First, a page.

March 22, 2007

Tennessee, home state of Justin Timberlake, has removed a resolution to honor him "for his highly successful music career and for his meritorious service to the State of Tennessee" from the list of resolutions to be put before the Senate. Says Sen. Raymond Finney, R-Maryville, of the removal of what I am affectionately terming The Timberlake Resolution, "It's not something I want my name on."

Cited as reasons not to honor Timberlake are the fact that he has songs called "SexyBack" and "Rock Your Body" to his credit and, of course, the pesky NippleGate incident with Janet Jackson from the Superbowl a few years back.

A Brief History of the State of Tennessee:
(a.k.a. Things Senator Raymond Finney Has His Name On by Virtue of Being a Representative of the State Overall)

--> From 1838 to 1839, nearly 17,000 Cherokees were forced to march from Eastern Tennessee to Indian Territory west of Arkansas. This came to be known as the Trail of Tears, as an estimated 4,000 Cherokees died along the way.
--> The American Civil War, to a large extent, was fought in cities and farms of Tennessee — only Virginia had more battles.
--> Further national attention came Tennessee's way during the trial of John T. Scopes, the so-called "Scopes Monkey Trial." Tennessee was ridiculed in the northeast and West Coast press as the "Monkey State," even as a wave of revivals defending religious fundamentalism swept the state.
--> Especially significant for the [WWII] war effort was Tennessee's role in the Manhattan Project, the military's top secret project to build an atomic weapon. Research and production work for the first A-bombs were conducted at the huge scientific/industrial installation at Oak Ridge, Tennessee.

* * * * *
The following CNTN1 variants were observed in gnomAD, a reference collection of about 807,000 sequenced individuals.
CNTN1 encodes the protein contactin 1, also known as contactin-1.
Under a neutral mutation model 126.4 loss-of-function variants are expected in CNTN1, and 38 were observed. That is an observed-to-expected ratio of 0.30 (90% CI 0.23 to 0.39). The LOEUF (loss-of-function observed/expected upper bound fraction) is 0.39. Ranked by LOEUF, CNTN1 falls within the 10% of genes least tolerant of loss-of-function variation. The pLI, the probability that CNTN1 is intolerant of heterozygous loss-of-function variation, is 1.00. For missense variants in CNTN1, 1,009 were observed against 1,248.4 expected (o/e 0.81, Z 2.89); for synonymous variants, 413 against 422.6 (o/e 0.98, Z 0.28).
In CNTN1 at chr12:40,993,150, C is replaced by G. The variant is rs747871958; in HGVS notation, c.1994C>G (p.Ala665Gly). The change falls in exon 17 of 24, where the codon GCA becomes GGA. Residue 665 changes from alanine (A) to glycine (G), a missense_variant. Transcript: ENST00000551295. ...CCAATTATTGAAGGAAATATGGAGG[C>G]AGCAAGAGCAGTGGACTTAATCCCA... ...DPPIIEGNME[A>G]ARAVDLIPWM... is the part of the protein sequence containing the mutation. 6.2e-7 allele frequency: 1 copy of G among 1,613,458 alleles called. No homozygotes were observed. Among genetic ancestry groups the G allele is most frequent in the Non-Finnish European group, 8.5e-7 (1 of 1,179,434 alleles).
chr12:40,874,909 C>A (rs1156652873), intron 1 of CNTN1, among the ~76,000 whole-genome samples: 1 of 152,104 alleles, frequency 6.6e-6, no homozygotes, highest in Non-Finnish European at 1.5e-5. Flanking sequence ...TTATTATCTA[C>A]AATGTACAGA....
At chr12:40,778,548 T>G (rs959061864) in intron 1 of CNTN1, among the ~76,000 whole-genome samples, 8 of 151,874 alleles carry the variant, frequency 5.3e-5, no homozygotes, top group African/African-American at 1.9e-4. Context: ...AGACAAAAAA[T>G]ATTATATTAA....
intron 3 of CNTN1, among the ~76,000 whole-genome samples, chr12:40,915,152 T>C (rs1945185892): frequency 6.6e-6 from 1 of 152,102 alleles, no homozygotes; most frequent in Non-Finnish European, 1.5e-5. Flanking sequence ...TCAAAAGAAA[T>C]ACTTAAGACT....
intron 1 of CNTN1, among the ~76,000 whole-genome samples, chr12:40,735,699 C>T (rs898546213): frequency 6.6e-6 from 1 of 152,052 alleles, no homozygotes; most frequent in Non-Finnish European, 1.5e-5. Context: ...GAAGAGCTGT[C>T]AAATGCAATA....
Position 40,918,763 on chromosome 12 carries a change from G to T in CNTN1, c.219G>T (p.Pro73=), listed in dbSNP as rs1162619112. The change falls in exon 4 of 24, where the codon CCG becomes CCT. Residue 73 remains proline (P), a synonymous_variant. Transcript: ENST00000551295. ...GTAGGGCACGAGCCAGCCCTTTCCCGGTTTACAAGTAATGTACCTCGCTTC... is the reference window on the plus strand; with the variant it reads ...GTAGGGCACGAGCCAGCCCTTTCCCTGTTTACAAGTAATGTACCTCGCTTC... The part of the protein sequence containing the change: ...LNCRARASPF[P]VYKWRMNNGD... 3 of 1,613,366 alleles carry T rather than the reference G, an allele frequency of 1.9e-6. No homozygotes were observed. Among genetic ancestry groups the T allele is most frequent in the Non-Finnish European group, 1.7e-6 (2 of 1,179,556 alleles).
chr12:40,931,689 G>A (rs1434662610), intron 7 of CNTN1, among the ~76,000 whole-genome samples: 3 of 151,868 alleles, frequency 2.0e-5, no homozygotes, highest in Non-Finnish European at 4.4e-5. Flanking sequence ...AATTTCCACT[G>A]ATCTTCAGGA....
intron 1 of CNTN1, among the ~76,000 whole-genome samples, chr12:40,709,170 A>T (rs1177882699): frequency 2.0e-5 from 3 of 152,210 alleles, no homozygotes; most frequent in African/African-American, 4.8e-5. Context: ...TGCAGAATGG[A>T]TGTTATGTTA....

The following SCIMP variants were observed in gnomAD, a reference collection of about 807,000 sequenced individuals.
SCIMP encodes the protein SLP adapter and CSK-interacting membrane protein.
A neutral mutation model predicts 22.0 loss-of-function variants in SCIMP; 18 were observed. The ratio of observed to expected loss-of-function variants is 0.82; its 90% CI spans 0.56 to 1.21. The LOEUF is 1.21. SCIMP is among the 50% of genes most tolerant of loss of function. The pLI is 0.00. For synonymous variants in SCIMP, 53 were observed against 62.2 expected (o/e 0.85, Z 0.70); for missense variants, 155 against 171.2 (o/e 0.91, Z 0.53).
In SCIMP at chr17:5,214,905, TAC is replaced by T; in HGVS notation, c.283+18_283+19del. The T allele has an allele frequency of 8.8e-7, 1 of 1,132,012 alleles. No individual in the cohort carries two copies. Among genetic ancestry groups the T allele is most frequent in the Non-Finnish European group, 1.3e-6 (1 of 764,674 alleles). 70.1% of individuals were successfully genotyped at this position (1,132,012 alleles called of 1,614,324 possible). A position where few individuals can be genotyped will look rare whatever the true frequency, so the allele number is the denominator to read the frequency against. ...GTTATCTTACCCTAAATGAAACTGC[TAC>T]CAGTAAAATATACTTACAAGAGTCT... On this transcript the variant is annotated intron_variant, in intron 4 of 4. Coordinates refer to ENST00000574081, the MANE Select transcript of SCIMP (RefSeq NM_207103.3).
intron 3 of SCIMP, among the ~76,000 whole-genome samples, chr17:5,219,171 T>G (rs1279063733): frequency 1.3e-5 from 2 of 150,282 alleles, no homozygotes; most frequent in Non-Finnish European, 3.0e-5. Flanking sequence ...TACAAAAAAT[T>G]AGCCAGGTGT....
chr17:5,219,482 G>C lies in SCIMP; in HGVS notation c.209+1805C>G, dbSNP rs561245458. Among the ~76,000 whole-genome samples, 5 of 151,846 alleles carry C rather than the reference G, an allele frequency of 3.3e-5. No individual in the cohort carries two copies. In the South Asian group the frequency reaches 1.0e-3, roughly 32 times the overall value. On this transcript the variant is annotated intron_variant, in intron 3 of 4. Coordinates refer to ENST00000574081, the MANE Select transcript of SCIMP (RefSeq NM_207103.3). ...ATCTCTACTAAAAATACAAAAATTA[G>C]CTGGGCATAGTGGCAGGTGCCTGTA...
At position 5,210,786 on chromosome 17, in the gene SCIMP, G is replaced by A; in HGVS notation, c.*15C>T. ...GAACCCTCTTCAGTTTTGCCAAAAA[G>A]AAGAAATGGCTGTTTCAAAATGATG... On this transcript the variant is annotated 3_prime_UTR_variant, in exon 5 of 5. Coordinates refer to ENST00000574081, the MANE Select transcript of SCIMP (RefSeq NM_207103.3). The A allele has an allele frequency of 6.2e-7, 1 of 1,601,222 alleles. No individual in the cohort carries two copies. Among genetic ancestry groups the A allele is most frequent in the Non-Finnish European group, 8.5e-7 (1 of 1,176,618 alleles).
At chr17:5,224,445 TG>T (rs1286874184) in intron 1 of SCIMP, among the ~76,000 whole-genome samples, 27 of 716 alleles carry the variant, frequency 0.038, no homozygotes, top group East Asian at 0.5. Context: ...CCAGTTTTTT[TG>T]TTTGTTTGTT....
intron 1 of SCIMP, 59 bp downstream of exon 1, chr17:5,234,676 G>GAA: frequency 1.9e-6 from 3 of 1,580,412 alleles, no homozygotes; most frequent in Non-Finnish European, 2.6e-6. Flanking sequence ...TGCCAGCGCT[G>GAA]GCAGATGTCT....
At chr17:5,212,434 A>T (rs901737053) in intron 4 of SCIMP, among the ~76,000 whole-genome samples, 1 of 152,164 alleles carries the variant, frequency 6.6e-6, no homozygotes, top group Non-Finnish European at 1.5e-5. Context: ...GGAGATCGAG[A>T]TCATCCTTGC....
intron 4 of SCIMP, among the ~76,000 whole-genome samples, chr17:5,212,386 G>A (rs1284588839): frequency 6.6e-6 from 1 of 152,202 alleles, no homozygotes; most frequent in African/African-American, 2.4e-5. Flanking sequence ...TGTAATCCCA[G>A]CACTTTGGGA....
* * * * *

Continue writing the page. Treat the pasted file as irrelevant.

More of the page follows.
--> During the 2000 Presidential Election, Tennessee did not vote for Al Gore, who is a former U.S. Senator from Tennessee. The people instead voted for Republican George W. Bush.

I don't really give a rat's ass whether or not Justin Timberlake is honored by Tennessee. It won't make my life better and it probably won't affect him either. But just so we're clear, a history of forced native population relocation marches and playing a key role in the development of the atomic bomb are fine, but songs called "SexyBack" and "Rock Your Body" are not what Tennessee is all about. Got that?


... now that THAT is out of my system, I can go back to focussing on Gotthammer's hilarious comments about possible Trek character responses to an Alien attack... more later as my imagination takes it and runs with it...

March 20, 2007

I had a moment of zen on the sidewalk yesterday. It's the same corner I cross at nearly every day and it has never been more than simply utilitarian before. But something about that moment yesterday changed everything. I looked up instead of just allowing my eyes to drift aimlessly along street level and I could see the top of every building in sharp relief against the untainted blue of the sky. There was a breeze - not a full force gale like the sort Wellington normally specializes in - that toyed with me, running the back of its hand along my cheek, smoothing stray tendrils of hair from my face, lifting the heat off my skin with a gentle touch. The sidewalk became a metaphor for everything suddenly. I understood the vast depth of the life I was part of and the future I couldn't reach. I understood where I belonged in nature and why my heart ached in certain ways. The breeze sighed along the back of my neck and the top facade of the building opposite and just down had a rose engraved in it. Backlit by the late summer light on a cushion of blue sky, it seemed like an promise. I was part of something immense and something small simultaneously. Zen. I felt like weeping. My heart throbbed.

... then suddenly the breeze turned into a vicious Wellington-issue howler that literally punched me clean off the sidewalk into oncoming traffic.

Life is a complicated thing most days.